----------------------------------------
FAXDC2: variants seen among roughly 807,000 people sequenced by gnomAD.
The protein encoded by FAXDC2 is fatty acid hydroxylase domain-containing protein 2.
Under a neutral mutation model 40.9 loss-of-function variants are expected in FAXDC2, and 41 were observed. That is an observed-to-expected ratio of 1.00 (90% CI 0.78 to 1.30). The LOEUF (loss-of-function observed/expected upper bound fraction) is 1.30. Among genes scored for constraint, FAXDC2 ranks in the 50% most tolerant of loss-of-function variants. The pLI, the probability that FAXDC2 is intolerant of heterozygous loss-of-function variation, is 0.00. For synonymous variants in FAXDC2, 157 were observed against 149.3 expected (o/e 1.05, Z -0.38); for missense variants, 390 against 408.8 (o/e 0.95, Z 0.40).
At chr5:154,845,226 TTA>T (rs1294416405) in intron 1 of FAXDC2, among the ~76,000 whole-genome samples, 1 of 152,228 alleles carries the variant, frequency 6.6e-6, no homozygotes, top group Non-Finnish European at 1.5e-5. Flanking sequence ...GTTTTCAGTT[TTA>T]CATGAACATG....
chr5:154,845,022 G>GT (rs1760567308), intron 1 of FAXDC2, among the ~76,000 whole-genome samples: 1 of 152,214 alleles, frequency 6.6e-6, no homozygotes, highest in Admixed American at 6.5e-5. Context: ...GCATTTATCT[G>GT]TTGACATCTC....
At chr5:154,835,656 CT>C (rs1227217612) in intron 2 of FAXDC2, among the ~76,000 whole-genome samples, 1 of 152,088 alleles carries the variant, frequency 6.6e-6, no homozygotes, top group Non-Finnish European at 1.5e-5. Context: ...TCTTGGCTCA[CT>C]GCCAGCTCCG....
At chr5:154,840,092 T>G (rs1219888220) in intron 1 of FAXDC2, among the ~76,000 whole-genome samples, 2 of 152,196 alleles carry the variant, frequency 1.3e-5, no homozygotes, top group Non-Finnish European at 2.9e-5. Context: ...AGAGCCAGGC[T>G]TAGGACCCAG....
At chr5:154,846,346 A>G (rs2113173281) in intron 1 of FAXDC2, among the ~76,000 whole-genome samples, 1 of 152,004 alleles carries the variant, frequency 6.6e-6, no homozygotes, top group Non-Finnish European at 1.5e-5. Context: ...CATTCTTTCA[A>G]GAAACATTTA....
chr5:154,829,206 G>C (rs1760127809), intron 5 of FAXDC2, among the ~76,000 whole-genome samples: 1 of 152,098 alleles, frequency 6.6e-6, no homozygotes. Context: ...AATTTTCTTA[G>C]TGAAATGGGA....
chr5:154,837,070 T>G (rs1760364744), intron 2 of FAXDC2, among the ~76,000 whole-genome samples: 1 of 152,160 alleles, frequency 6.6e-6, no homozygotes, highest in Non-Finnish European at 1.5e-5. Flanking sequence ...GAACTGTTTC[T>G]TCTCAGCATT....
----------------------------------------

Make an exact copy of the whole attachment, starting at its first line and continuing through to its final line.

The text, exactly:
FAXDC2: variants seen among roughly 807,000 people sequenced by gnomAD.
The protein encoded by FAXDC2 is fatty acid hydroxylase domain-containing protein 2.
Under a neutral mutation model 40.9 loss-of-function variants are expected in FAXDC2, and 41 were observed. That is an observed-to-expected ratio of 1.00 (90% CI 0.78 to 1.30). The LOEUF (loss-of-function observed/expected upper bound fraction) is 1.30. Among genes scored for constraint, FAXDC2 ranks in the 50% most tolerant of loss-of-function variants. The pLI, the probability that FAXDC2 is intolerant of heterozygous loss-of-function variation, is 0.00. For synonymous variants in FAXDC2, 157 were observed against 149.3 expected (o/e 1.05, Z -0.38); for missense variants, 390 against 408.8 (o/e 0.95, Z 0.40).
At chr5:154,845,226 TTA>T (rs1294416405) in intron 1 of FAXDC2, among the ~76,000 whole-genome samples, 1 of 152,228 alleles carries the variant, frequency 6.6e-6, no homozygotes, top group Non-Finnish European at 1.5e-5. Flanking sequence ...GTTTTCAGTT[TTA>T]CATGAACATG....
chr5:154,845,022 G>GT (rs1760567308), intron 1 of FAXDC2, among the ~76,000 whole-genome samples: 1 of 152,214 alleles, frequency 6.6e-6, no homozygotes, highest in Admixed American at 6.5e-5. Context: ...GCATTTATCT[G>GT]TTGACATCTC....
At chr5:154,835,656 CT>C (rs1227217612) in intron 2 of FAXDC2, among the ~76,000 whole-genome samples, 1 of 152,088 alleles carries the variant, frequency 6.6e-6, no homozygotes, top group Non-Finnish European at 1.5e-5. Context: ...TCTTGGCTCA[CT>C]GCCAGCTCCG....
At chr5:154,840,092 T>G (rs1219888220) in intron 1 of FAXDC2, among the ~76,000 whole-genome samples, 2 of 152,196 alleles carry the variant, frequency 1.3e-5, no homozygotes, top group Non-Finnish European at 2.9e-5. Context: ...AGAGCCAGGC[T>G]TAGGACCCAG....
At chr5:154,846,346 A>G (rs2113173281) in intron 1 of FAXDC2, among the ~76,000 whole-genome samples, 1 of 152,004 alleles carries the variant, frequency 6.6e-6, no homozygotes, top group Non-Finnish European at 1.5e-5. Context: ...CATTCTTTCA[A>G]GAAACATTTA....
chr5:154,829,206 G>C (rs1760127809), intron 5 of FAXDC2, among the ~76,000 whole-genome samples: 1 of 152,098 alleles, frequency 6.6e-6, no homozygotes. Context: ...AATTTTCTTA[G>C]TGAAATGGGA....
chr5:154,837,070 T>G (rs1760364744), intron 2 of FAXDC2, among the ~76,000 whole-genome samples: 1 of 152,160 alleles, frequency 6.6e-6, no homozygotes, highest in Non-Finnish European at 1.5e-5. Flanking sequence ...GAACTGTTTC[T>G]TCTCAGCATT....